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Naming conventions of ancient Tamil country

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Title: Naming conventions of ancient Tamil country  
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Subject: Chronology of Tamil history, Education in ancient Tamil country, Legal system of ancient Tamil country, Sangam period, Sources of ancient Tamil history
Collection: Names by Culture, Naming Conventions, Tamil History
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Naming conventions of ancient Tamil country

Naming conventions of the Tamilakam in the Sangam literature have been one of the foremost concerns of Tamilology. The Surnames of the Caṅkam Age: Literary & Tribal, published in 1968 sought to offer one of the earliest treatments in this area.

Contents

  • Background 1
  • Tolkappiyam classifications 2
  • Wilden classifications 3
  • Tantaipeyar 4
  • Fives parts of a name 5
    • Dynastic name 5.1
    • Titles 5.2
  • See also 6
  • References 7
    • Bibliography 7.1

Background

The Cankam literature is thematically divided into akam and puram. The poets worked under a convention of anonymity, not exposing the names of the heroes, heroines and friends in their poems, particularly in the former, in order to underline the universality of the feelings expressed in their poetry.[1]

Tolkappiyam classifications

The Tolkāppiyam identifies ten categories of names. An̲n̲i Mirutalakumāri Tāmacu claims to have completely revealed the basis on which the Tamils adopted their names.[2]

Wilden classifications

Eva Wildern identifies four types of names found in the Sangam literature: proper names, proper names connected with a name of a place or a dynasty, proper names with epithets and imagery names.[3] This convention was codified in the Tolkāppiyam.[4]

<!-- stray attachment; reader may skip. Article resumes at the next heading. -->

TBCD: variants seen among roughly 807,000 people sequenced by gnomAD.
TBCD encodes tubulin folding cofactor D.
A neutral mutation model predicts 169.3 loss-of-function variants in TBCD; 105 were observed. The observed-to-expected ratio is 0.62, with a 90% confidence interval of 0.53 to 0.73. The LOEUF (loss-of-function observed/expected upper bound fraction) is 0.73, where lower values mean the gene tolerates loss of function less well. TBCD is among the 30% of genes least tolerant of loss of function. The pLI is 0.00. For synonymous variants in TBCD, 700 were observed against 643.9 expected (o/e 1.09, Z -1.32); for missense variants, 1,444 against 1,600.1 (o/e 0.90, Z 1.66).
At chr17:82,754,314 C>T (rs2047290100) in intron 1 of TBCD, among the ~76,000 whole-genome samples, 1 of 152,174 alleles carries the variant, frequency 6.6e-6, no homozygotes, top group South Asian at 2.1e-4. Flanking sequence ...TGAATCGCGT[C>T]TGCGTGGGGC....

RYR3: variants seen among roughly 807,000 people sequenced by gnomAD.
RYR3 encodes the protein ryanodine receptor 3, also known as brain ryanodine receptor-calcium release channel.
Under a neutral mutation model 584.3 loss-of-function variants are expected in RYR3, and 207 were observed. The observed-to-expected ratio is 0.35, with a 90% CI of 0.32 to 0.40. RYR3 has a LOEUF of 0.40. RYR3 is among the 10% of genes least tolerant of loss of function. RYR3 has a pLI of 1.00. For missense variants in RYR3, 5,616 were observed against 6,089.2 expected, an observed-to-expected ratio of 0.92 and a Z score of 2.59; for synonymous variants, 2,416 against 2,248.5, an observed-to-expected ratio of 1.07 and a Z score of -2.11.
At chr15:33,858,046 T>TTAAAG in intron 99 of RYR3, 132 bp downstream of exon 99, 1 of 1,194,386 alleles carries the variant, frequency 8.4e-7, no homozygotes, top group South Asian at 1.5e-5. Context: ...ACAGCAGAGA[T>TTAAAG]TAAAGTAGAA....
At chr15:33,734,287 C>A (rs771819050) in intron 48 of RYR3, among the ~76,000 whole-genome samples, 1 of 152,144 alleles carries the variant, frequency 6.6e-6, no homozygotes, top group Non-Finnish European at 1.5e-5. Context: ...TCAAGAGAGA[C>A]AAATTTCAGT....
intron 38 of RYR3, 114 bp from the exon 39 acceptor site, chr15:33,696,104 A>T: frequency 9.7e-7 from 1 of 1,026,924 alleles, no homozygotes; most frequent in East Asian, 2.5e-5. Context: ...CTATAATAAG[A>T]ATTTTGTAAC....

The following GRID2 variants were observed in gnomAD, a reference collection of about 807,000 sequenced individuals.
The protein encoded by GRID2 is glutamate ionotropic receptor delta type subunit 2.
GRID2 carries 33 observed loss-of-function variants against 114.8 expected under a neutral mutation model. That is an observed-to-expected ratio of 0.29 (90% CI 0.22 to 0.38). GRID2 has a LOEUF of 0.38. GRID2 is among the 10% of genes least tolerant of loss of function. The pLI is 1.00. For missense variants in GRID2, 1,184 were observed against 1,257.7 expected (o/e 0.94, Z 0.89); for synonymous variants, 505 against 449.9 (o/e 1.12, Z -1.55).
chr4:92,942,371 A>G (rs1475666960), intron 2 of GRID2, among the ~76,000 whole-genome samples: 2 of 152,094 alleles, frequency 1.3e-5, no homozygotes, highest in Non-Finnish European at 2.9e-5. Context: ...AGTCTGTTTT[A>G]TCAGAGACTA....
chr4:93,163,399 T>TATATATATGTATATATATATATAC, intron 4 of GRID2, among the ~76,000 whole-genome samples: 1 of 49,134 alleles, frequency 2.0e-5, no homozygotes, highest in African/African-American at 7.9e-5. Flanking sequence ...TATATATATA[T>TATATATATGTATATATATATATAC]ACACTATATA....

Tantaipeyar

This tradition involves firstly having the father's name followed by one's own name. This system was carried even into the medieval period.[5]

Examples include cēramān, meaning "son of Chera" composed of cēra and makan, or vēlmān, meaning "son of Vel" composed of vēl and makan.[6]

Fives parts of a name

The convention is remains that dynastic name is followed by the proper name. However, in the case of distinguished persons, there may be up to five parts to it.

Parimelazhagar[7] (c. 13th century) codified the Classical-era conventions in his explanation of the correct name of Yanaikatchai Mantaran Cheral Irumporai as Kōccēramān Yāṇaikkaṭcēi Māntarañcēral Irumpoṛai. meaning 'king' signifying his official title; Cēramān is the dynastic name; Yāṇaikkat 'Elephant-eyed' is a distinctive feature; Cēi is the iyatpeyar, or proper name; and Irumporai is an appellate.

Another example is Malayamān Cōzhiya Ēnati Tirukkaṇṇan. Malayamān is the dynastic name; Cōzhiya, "of the Chola Nadu; 'Ēnati" is the title of conferred by the King to the chief of the army in a ceremony known as Ēnatippatiyam;[8] and Tirukkaṇṇan is his iyatpeyar, or proper name.

Dynastic name

Poets spoke to kings about the need for children for carrying on the family or dynastic name.[9]

The dynastic or family name acts as a prefix and occurs before the actual name.[10]

Titles

Some titles such as 'Kō' meaning 'king' were acquired, while others were conferred by the King. Three titles particularly renowned were known as Etti, Enati and Kaviti.[11] Talaikkoli, Peraiyan and Marayan are a few of the other titles bestowed to eminent personalities in consideration to their talents in particular fields.[12]

See also

References

  1. ^
  2. ^ Tāmacu 2003, p. 4.
  3. ^
  4. ^
  5. ^
  6. ^
  7. ^
  8. ^
  9. ^
  10. ^
  11. ^
  12. ^

Bibliography

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